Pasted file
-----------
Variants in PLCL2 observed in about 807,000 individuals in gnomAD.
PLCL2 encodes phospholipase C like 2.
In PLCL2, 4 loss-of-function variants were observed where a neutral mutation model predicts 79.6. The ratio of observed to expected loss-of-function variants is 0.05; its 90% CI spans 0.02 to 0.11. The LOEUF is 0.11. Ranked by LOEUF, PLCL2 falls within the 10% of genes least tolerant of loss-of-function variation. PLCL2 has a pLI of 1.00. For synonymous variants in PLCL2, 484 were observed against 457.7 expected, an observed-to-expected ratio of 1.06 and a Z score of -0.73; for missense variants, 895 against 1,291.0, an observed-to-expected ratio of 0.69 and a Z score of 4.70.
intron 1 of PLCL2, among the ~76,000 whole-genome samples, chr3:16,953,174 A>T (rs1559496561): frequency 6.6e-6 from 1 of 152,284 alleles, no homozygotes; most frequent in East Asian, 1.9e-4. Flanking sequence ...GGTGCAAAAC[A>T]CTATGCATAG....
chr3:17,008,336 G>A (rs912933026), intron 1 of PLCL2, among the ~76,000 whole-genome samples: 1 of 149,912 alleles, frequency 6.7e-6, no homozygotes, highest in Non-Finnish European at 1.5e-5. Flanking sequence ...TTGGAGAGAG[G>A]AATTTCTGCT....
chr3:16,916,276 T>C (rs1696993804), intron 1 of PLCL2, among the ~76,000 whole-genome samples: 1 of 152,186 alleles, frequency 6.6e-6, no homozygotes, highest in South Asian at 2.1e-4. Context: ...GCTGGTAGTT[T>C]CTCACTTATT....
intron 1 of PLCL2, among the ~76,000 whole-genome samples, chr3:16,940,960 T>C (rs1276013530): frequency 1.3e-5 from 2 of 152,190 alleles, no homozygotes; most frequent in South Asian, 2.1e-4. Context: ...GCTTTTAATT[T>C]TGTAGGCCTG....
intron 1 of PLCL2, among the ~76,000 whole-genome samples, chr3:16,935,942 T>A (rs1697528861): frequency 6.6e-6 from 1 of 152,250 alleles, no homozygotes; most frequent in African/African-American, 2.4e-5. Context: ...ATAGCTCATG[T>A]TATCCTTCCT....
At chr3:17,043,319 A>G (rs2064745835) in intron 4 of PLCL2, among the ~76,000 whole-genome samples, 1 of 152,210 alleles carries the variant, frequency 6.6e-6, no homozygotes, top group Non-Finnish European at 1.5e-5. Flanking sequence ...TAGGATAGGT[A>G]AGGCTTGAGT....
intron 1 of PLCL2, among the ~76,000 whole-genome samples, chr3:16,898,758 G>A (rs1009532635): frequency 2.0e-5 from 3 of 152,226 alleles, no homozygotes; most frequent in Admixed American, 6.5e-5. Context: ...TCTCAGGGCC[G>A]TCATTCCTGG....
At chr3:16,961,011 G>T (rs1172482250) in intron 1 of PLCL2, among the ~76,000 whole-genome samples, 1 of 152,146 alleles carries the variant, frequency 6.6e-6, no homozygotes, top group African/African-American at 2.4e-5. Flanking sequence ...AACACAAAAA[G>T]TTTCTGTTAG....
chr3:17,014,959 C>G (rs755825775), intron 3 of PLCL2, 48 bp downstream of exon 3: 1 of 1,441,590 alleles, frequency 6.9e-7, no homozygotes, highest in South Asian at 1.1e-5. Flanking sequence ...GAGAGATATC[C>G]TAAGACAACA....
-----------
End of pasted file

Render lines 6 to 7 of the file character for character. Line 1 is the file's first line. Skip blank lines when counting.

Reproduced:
chr3:16,916,276 T>C (rs1696993804), intron 1 of PLCL2, among the ~76,000 whole-genome samples: 1 of 152,186 alleles, frequency 6.6e-6, no homozygotes, highest in South Asian at 2.1e-4. Context: ...GCTGGTAGTT[T>C]CTCACTTATT....
intron 1 of PLCL2, among the ~76,000 whole-genome samples, chr3:16,940,960 T>C (rs1276013530): frequency 1.3e-5 from 2 of 152,190 alleles, no homozygotes; most frequent in South Asian, 2.1e-4. Context: ...GCTTTTAATT[T>C]TGTAGGCCTG....